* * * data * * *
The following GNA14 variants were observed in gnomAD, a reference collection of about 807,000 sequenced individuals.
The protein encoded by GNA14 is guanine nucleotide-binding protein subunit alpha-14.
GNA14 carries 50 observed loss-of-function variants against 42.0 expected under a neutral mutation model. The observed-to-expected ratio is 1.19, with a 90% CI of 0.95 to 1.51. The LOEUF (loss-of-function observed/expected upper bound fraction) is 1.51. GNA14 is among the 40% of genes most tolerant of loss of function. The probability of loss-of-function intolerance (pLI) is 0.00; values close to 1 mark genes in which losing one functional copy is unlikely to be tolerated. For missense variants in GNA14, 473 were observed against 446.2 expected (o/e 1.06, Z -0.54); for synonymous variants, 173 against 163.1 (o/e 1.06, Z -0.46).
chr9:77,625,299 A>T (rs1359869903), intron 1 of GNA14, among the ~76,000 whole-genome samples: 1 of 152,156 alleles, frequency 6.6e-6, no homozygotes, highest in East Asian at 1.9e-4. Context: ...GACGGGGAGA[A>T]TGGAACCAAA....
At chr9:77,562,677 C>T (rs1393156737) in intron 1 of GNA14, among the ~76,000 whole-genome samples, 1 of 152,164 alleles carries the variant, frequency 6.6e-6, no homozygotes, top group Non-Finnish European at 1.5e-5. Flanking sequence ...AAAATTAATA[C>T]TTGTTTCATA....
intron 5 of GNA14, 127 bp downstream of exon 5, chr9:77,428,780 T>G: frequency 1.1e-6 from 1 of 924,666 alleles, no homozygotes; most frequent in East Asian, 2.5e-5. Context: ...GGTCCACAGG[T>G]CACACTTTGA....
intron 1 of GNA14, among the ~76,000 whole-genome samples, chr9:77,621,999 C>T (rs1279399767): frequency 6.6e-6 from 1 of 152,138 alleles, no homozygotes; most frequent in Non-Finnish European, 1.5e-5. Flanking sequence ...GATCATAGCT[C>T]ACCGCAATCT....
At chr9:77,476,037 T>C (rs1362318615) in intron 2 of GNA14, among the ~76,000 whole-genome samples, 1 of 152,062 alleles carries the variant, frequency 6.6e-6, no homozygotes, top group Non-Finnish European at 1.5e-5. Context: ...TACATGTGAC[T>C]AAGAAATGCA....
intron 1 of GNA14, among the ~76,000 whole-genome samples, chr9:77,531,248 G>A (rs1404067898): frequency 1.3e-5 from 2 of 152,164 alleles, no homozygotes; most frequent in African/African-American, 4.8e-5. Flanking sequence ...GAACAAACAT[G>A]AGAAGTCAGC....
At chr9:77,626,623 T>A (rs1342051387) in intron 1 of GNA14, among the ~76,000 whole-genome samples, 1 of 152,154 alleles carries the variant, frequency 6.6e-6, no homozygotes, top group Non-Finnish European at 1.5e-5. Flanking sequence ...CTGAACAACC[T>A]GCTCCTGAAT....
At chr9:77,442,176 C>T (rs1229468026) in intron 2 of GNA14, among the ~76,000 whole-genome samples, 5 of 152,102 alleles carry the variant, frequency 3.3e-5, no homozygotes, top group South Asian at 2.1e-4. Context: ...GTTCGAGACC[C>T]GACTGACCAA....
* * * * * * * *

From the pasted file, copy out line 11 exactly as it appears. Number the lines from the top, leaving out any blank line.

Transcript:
At chr9:77,442,176 C>T (rs1229468026) in intron 2 of GNA14, among the ~76,000 whole-genome samples, 5 of 152,102 alleles carry the variant, frequency 3.3e-5, no homozygotes, top group South Asian at 2.1e-4. Context: ...GTTCGAGACC[C>T]GACTGACCAA....